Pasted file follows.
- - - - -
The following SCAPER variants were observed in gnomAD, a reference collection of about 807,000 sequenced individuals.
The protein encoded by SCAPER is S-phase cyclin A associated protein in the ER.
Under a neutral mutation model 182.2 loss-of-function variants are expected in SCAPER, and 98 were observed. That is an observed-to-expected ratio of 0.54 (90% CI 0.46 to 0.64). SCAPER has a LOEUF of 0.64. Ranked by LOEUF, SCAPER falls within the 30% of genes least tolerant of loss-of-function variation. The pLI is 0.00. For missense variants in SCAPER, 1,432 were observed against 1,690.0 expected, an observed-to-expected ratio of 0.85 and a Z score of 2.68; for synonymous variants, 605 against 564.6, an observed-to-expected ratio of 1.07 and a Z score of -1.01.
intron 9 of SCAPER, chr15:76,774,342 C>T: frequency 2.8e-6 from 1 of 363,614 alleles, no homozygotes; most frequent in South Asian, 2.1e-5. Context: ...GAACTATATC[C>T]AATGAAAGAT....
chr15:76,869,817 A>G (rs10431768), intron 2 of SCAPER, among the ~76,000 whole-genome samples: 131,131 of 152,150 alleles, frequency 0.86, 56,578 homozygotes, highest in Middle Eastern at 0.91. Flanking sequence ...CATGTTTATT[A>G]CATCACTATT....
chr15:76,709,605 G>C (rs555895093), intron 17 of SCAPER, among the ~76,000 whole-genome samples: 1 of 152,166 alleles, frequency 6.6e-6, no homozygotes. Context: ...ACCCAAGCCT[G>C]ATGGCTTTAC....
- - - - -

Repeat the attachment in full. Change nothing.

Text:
The following SCAPER variants were observed in gnomAD, a reference collection of about 807,000 sequenced individuals.
The protein encoded by SCAPER is S-phase cyclin A associated protein in the ER.
Under a neutral mutation model 182.2 loss-of-function variants are expected in SCAPER, and 98 were observed. That is an observed-to-expected ratio of 0.54 (90% CI 0.46 to 0.64). SCAPER has a LOEUF of 0.64. Ranked by LOEUF, SCAPER falls within the 30% of genes least tolerant of loss-of-function variation. The pLI is 0.00. For missense variants in SCAPER, 1,432 were observed against 1,690.0 expected, an observed-to-expected ratio of 0.85 and a Z score of 2.68; for synonymous variants, 605 against 564.6, an observed-to-expected ratio of 1.07 and a Z score of -1.01.
intron 9 of SCAPER, chr15:76,774,342 C>T: frequency 2.8e-6 from 1 of 363,614 alleles, no homozygotes; most frequent in South Asian, 2.1e-5. Context: ...GAACTATATC[C>T]AATGAAAGAT....
chr15:76,869,817 A>G (rs10431768), intron 2 of SCAPER, among the ~76,000 whole-genome samples: 131,131 of 152,150 alleles, frequency 0.86, 56,578 homozygotes, highest in Middle Eastern at 0.91. Flanking sequence ...CATGTTTATT[A>G]CATCACTATT....
chr15:76,709,605 G>C (rs555895093), intron 17 of SCAPER, among the ~76,000 whole-genome samples: 1 of 152,166 alleles, frequency 6.6e-6, no homozygotes. Context: ...ACCCAAGCCT[G>C]ATGGCTTTAC....